Georgia Wrongful Death Claims
Recovery for the death of a person killed by another.
This year it is projected that over 1,110 people will die in crashes on Georgia roads. Carroll County is among the top ten counties for fatal crashes, with the number of fatal crashes here increasing both of the last two years for which statistics are available. While car wrecks aren’t the only situation where a person may be killed and there is a right to recover, they are the most frequent. Wrongful death is the term that Georgia law uses to describe a case brought when a person is killed in a car wreck or otherwise. The statute uses the term “homicide”, but it applies whether a death is intentional or not.
Recovery amounts in a wrongful death action.
Recovery is limited to the “full value of the life of the decedent, as shown by the evidence”. The statute does not define what is meant by “full value”. That is where courts come in to interpret the statue. Our courts say that the full value of one’s life is measured not form the point of view of those who lost her, but from the deceased person’s point of view. In other words, what was living worth to her?
Additionally, each life has an economic value (lost wages, loss of services, etc.), and those are also recoverable as part of a wrongful death action. There is no deduction allowed for what it would have cost the person to live out her life (housing, food, etc.).
What is not recoverable as part of a wrongful death action are the pain and suffering of the person after injury but prior to death; medical expenses; lost income prior to death; or, the final expenses (funeral, burial, etc.) Those claims may only be made by the deceased person’s estate.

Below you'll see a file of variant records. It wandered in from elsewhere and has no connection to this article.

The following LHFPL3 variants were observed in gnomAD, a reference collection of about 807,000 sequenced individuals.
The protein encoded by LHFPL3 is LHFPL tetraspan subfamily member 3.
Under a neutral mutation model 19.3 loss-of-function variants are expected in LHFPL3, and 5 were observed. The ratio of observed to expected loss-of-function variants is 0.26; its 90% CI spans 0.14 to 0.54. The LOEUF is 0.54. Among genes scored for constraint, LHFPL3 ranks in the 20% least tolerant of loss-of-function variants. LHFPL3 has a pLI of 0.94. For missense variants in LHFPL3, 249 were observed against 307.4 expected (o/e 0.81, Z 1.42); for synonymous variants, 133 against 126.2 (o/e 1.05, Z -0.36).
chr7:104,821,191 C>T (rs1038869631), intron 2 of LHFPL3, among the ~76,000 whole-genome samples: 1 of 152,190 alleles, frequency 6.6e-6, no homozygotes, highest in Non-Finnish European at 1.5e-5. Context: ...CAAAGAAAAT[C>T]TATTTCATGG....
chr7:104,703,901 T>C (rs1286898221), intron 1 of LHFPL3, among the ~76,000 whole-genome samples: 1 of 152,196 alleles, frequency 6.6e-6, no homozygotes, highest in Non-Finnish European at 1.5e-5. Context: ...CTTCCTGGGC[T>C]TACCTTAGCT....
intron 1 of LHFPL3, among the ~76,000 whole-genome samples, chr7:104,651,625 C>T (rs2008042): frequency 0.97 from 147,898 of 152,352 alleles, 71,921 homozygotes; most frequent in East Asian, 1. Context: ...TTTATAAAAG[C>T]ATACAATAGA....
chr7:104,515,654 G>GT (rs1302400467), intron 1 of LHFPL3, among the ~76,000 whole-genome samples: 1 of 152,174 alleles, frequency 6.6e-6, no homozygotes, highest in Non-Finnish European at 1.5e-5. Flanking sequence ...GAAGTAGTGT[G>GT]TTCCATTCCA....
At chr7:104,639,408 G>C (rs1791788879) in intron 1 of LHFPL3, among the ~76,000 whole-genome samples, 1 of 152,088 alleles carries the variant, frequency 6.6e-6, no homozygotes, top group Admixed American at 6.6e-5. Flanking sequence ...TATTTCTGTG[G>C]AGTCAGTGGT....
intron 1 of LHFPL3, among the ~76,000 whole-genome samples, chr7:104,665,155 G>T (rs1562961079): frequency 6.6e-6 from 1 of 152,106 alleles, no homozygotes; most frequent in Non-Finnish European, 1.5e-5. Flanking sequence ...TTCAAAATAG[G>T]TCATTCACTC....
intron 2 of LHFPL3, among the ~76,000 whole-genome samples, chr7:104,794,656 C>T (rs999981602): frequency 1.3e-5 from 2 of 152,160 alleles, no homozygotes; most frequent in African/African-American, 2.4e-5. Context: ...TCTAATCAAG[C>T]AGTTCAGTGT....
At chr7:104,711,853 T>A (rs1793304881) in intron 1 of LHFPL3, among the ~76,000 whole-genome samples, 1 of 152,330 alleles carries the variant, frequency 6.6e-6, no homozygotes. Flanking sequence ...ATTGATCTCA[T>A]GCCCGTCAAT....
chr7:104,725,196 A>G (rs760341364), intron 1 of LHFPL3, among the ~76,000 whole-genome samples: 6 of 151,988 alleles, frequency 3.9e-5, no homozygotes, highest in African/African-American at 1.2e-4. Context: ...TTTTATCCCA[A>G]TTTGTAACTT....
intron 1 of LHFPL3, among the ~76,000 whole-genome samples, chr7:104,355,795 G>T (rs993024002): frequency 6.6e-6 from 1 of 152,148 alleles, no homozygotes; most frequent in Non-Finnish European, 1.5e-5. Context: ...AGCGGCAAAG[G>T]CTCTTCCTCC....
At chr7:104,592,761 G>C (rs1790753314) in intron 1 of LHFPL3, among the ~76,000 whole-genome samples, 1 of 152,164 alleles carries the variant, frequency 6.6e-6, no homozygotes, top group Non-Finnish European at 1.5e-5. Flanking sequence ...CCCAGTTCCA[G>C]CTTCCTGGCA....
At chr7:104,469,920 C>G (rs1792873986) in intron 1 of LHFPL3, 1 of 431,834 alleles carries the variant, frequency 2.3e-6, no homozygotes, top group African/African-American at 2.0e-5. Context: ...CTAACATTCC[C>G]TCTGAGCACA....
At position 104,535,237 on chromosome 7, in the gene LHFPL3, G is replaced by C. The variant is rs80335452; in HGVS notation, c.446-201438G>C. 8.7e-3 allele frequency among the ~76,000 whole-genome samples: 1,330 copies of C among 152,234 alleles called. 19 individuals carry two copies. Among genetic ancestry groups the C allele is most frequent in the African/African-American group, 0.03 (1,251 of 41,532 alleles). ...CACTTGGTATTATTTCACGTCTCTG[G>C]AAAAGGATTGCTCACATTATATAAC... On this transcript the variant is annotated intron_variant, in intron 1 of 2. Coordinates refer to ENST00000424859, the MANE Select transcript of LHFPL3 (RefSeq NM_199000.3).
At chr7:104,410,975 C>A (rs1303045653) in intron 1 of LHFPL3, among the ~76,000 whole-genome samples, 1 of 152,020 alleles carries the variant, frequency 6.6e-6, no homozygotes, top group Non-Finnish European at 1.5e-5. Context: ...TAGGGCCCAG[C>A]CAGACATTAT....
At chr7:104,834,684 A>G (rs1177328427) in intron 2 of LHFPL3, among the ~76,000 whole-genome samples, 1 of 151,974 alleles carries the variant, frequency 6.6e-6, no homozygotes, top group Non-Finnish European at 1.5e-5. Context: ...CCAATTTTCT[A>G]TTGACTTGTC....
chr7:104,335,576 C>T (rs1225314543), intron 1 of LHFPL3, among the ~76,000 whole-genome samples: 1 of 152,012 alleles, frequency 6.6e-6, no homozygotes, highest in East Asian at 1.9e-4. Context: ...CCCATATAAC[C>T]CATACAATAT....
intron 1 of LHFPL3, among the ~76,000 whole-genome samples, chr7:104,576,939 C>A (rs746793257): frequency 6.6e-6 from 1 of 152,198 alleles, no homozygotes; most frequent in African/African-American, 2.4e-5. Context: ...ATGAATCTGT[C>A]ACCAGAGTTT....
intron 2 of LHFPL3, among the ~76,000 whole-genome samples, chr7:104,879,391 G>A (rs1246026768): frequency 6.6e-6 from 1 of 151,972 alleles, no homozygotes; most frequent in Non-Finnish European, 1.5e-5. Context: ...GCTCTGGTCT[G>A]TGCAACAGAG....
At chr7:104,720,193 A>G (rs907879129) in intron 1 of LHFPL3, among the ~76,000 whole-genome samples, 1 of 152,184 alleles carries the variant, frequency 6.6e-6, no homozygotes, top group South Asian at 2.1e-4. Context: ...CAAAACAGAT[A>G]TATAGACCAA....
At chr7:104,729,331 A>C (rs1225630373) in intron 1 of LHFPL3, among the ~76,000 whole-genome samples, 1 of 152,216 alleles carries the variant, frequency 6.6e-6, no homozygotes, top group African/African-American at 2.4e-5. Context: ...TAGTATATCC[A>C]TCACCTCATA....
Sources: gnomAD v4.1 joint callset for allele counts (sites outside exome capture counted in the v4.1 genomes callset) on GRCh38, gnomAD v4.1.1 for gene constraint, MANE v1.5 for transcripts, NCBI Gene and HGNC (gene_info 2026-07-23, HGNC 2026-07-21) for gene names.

Who may bring a wrongful death claim
Who may make a claim for wrongful death is controlled by O.C.G.A. §51-4-2 (if an adult) and §51-4-4 (if a child). Generally, who can bring the wrongful death claim is:
- Children (including minor children and children born out of wedlock)
Any amount recovered by a spouse is equally divided among the spouse and the children, except the spouse’s share may never be less than one-third of the total recovery. If a child is deceased, his share is divided among his children.
- Spouse or child
- Parent or parents
How funds are divided between parents is addressed in O.C.G.A. §19-7-1(c)(2)(C).
If there is no one listed in the statute who is entitled to recover for the death of an adult or minor, the statute makes provisions for someone to be appointed, insuring there is always someone who is entitled to recover in a wrongful death case.
Wrongful death recoveries are not subject to claims of creditors of the deceased
Georgia law provides “No recovery…shall be subject to any debt or liability of the decedent.” O.C.G.A. §51-4-2.
If you suffer the death of a loved one, even if you don’t think you are the person entitled to recover, it is a good idea to talk to an experienced attorney. Perhaps you can give some necessary information to the person who is entitled to bring the action – information that may be critical to identify insurance that may apply. Prompt notice to insurers may be critical, and settling with one carrier may cause you to lose rights with others. There are many traps for the uninformed when it comes to wrongful death cases. Call me for a free consultation (not a sales pitch – I don’t like those anymore than anyone else). You will almost certainly get advice that will make a difference in the recovery.
Ann-Margaret Perkins is a partner with Perkins Law Firm, L.L.P. practicing personal injury and social security disability, but her claim to fame is being mom to former Southeastern Guide Dogs breeder, Baxter.